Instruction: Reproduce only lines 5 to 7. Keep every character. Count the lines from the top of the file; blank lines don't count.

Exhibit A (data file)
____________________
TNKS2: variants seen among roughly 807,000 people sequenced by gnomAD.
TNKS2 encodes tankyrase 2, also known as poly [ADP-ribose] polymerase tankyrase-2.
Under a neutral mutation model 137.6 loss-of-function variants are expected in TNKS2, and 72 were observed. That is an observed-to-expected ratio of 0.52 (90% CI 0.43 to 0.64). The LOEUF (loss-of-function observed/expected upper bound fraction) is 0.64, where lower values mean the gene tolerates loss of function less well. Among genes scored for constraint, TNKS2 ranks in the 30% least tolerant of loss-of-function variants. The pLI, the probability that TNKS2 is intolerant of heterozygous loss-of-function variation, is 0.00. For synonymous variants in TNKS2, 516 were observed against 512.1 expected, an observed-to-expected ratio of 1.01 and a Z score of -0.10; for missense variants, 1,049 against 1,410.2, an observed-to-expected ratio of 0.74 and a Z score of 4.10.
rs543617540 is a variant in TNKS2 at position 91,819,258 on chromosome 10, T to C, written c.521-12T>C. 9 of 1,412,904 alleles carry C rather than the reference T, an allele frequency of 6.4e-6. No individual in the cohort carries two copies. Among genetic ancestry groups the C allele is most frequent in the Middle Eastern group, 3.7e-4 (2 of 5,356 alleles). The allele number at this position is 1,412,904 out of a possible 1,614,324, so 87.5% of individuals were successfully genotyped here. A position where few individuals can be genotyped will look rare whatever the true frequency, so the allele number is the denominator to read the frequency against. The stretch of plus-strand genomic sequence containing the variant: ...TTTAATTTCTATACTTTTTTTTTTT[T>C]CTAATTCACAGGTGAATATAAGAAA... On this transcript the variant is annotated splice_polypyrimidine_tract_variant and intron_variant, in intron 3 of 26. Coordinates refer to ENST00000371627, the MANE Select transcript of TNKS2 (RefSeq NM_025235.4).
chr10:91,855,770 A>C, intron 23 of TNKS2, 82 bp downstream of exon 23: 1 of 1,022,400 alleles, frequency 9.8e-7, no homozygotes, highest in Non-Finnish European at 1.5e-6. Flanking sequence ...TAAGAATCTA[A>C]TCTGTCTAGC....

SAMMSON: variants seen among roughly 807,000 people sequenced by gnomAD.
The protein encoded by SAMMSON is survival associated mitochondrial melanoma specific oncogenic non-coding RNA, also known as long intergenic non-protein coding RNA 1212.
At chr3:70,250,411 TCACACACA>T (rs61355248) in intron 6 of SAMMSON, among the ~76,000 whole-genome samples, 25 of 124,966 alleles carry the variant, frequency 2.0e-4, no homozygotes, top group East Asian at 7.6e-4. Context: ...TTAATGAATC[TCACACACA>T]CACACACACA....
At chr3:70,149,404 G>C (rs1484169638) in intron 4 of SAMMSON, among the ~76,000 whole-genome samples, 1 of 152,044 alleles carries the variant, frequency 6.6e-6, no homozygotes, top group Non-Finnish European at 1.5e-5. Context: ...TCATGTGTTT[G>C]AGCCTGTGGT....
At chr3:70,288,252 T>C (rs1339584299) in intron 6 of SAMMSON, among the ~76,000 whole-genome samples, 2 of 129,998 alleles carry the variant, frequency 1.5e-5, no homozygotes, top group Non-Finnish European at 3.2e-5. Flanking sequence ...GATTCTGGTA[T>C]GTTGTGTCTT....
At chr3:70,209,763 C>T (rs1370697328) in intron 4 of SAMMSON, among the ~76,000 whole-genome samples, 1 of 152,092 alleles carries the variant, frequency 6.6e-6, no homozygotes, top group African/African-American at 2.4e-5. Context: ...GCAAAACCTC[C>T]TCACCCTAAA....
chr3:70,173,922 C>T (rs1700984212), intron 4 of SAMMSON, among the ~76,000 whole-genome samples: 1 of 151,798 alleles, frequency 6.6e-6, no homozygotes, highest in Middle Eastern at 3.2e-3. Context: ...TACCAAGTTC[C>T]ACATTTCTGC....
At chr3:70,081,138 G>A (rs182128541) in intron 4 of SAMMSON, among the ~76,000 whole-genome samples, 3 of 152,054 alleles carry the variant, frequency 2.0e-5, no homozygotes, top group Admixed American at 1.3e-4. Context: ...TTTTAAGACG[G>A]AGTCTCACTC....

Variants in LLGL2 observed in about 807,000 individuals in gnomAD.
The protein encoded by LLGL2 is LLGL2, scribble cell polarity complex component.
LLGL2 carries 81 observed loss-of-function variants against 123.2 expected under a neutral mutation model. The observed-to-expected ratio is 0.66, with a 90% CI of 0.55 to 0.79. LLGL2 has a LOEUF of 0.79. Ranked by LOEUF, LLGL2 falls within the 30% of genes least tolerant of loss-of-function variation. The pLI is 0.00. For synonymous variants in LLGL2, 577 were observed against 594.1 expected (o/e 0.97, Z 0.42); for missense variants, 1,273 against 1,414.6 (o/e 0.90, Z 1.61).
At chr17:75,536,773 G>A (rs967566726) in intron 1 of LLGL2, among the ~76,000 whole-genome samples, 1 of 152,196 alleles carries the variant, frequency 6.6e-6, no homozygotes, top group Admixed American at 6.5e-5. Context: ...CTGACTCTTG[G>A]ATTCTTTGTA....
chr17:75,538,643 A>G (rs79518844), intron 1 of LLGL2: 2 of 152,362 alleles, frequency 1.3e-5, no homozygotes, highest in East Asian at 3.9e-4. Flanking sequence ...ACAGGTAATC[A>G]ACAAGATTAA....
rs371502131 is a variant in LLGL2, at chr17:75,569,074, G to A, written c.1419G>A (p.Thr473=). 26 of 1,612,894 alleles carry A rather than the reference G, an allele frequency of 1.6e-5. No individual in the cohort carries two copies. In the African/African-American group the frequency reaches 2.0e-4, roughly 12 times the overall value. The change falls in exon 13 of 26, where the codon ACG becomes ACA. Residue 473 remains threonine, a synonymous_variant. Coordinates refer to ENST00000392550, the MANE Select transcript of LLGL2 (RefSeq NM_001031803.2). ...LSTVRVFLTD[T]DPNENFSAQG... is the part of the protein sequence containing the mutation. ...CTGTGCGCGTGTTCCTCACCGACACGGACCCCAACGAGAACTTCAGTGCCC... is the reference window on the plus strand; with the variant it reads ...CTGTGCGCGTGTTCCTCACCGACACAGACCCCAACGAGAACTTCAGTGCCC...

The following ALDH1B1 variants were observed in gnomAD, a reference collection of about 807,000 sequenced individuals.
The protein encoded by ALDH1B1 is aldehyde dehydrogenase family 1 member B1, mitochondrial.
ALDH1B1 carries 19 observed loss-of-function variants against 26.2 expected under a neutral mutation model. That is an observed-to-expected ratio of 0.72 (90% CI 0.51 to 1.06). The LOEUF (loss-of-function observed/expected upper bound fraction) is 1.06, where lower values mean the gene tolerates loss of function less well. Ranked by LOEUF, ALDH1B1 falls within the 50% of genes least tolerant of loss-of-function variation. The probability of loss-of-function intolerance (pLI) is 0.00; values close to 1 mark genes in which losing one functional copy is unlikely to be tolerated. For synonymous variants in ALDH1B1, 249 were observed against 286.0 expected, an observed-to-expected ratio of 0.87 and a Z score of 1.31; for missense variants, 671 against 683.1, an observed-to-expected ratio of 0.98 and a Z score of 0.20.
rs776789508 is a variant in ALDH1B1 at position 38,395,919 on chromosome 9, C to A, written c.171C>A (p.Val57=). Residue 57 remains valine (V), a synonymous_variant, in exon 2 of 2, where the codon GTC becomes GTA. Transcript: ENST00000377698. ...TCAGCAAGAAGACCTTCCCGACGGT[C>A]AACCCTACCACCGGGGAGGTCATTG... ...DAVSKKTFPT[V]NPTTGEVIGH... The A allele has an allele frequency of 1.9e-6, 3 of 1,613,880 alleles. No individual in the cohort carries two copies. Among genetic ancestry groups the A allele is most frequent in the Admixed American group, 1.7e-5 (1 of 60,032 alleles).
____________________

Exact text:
chr10:91,855,770 A>C, intron 23 of TNKS2, 82 bp downstream of exon 23: 1 of 1,022,400 alleles, frequency 9.8e-7, no homozygotes, highest in Non-Finnish European at 1.5e-6. Flanking sequence ...TAAGAATCTA[A>C]TCTGTCTAGC....

SAMMSON: variants seen among roughly 807,000 people sequenced by gnomAD.
The protein encoded by SAMMSON is survival associated mitochondrial melanoma specific oncogenic non-coding RNA, also known as long intergenic non-protein coding RNA 1212.